FROM GOA TO KARNATAK: SEE INDIA WITH OPEN EYES
Last winter we went to warm our bodies in a popular direction – to India, Goa. A raspy charter flight with drunken fellow citizens, trashy food and seven-hour tired flight attendants – and here we are in a spicy Indian morning with slow border guards, noisy taxi drivers and insane road traffic.
We will not talk about Goa for a long time. Goa is Goa: parties, long white and yellow beaches, lobsters in cafes, Russian-speaking waiters, souvenir shops and tourist buses. We also went under the permit – so in all respects it was cheaper. As a result – we have a friend, a hotel guide. For the sake of maintaining fine Hindu harmony, we bought from him two of the most popular excursions – “Entire Goa” (waterfalls, monkeys, spice plantation, Catholic churches, etc.) and “Sea fishing”, where we were offered to fish on fishing line to a plastic bottle. For more we did not dare. Tourists on the buses on excursions for some reason speak exclusively about who has the hotel cooler and what they give for breakfast, swear, complain, take offense, compare Goa with Thailand, Turkey and Cyprus. Therefore, we planned a third outing from our village. In the neighboring state of Karnataka.
It was a long way to go there – about 3-4 hours on the way, so driving on bikes is not an option. On the eve we found a taxi driver – a young boy named Biku, who promised to pick us up at 5 am in his luxury air-conditioned car. At 5 am, he didn’t pick us up. But his friend drove in, said – Biku is sleeping, so sit down with me. We sat down and moved on.
Karnataka is a state located south of Goa, bordered by Tamil Nadu, Kerala, Maharashtra and Andra Pradesh. It is much poorer than Goa, it seems – it is generally the poorest in India, and this is felt immediately when crossing the state border. People look different, otherwise dressed, houses are completely different, no Portuguese architecture to you, small dirty square houses along the road, covered with palm leaves or reeds.
We wanted to see Gokarna and Murudeshvar, who are said to be the real India closest to Goa. The taxi driver rushed us through the mountains and meadows, we saw the sun rise, we saw rice fields and people working for them, we saw women in saris slowly walking along the road with huge weights on their heads. From Karnataka, people come to Goa to earn money, and here, in their home state, they get about 10 rupees a day – that’s about five rubles for our money. You can imagine how much these strong women earn, dragging various construction debris on themselves.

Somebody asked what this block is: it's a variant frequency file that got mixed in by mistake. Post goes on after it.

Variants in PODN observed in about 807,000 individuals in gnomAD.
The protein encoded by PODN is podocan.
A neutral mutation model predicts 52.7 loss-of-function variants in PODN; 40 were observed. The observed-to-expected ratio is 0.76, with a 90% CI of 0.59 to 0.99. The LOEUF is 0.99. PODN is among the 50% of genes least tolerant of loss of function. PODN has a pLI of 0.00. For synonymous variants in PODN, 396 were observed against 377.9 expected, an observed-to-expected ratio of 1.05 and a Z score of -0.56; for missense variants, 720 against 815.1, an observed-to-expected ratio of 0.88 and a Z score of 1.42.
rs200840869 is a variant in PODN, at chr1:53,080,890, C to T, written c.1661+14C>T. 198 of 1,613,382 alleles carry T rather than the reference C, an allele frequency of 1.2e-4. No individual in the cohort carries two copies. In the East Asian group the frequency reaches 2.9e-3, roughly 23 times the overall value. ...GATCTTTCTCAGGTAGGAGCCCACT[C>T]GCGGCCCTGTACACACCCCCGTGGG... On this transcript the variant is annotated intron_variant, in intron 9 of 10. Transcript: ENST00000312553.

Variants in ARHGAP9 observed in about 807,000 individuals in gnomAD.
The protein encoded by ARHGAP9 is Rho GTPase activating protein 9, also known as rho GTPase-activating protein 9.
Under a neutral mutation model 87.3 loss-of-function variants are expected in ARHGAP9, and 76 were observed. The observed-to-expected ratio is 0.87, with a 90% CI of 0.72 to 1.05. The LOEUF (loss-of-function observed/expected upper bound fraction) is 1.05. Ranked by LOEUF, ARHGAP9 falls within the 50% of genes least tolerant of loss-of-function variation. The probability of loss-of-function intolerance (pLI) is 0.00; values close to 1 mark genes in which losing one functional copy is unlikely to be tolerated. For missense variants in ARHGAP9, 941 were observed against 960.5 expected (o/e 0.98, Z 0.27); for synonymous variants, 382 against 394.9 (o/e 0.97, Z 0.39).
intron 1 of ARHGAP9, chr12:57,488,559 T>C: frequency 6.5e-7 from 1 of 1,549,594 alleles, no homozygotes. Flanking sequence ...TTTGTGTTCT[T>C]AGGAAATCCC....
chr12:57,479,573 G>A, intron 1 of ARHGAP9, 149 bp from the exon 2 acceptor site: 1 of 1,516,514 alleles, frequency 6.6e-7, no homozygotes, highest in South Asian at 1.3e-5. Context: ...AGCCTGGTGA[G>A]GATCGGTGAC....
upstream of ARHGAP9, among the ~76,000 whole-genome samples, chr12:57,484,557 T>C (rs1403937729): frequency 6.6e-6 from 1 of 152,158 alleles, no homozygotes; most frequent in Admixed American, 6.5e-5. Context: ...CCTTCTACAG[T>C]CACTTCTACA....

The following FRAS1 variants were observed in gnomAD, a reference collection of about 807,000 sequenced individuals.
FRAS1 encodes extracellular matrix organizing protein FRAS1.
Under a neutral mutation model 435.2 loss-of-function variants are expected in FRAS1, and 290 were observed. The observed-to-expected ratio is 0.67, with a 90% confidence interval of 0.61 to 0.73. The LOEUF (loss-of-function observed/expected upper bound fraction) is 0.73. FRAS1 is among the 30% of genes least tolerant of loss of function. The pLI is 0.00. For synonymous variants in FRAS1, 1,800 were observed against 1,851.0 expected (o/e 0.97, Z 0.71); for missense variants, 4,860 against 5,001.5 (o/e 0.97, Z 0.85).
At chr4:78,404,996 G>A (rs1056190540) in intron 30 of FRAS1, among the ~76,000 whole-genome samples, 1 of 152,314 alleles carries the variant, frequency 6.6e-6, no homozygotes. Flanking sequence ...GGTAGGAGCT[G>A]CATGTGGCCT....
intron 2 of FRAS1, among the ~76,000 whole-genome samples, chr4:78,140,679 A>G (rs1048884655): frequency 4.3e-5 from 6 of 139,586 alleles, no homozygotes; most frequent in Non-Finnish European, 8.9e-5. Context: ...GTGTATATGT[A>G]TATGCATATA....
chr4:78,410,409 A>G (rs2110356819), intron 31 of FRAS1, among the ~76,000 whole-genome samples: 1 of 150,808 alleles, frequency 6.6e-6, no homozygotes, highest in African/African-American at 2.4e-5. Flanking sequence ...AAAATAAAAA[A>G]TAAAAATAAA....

In the fishing village of Murudeshvar we were in the early morning. Tourists and pilgrims come here to see with their own eyes the largest statue of Shiva in the world and the highest gopura in the world (this is a gate tower in the temple enclosure of Hindu temples). We got out of the car and went to explore the area. Tourist buses to Shiva have not arrived yet – it was too early, and we were the only white people in the district. Naturally, we were surrounded by inquisitive Indians. In the meantime, answering their questions, who we are and where we are from, we climbed the steps to the statue, which is towering on a hill above the ocean. Somewhere in the middle of the way, a monk on duty poked us with a wand and made us take off our shoes. Then we walked barefoot. Barefoot went inside the statue, barefoot climbed to the top floor of the gopuram, barefoot walked barefoot and just sleeping. This is a serious rule, and we, the guests, were ready to observe it.
And then we had breakfast in a so-called restaurant by the sea. It sounds beautiful, but in fact the restaurant turned out to be a messy canteen with pretty waiters who don’t know what to do, and in order for everyone to be well, they seat people as closely as possible. So at our table in the middle of breakfast was a company of loud Indian men, who with endless interest looked at us and how we eat. I was terribly uncomfortable. But India is India, nothing can be done – here you, the white-faced tourist, will be the most interesting object of study in the world.
From Murudeshvara we left with mixed feelings. On the one hand, it is striking the scale of the temple and the statues of Shiva, richly towering over poor villages. On the other hand, it seems that this Shiva museum inside the statue was made by a child, playing with forms and ways to decorate the fruit of his labor. Everything seems to be a fake, an incompetent remake, but these comments do not pretend to objectivity – the statue was built only in 2002, naturally – there is nothing to say about the spirit of the times and eras.
Then we went to Gokarna, a small town, but an important center of Hindu pilgrimage. That’s where we captured the spirit. But not from delight, but from enlightenment: after all, most of the people of the world live this way – in poverty, poor sanitation and disease. On the sand-covered streets of Gokarna, we saw old men and children lying there, who were most likely dying.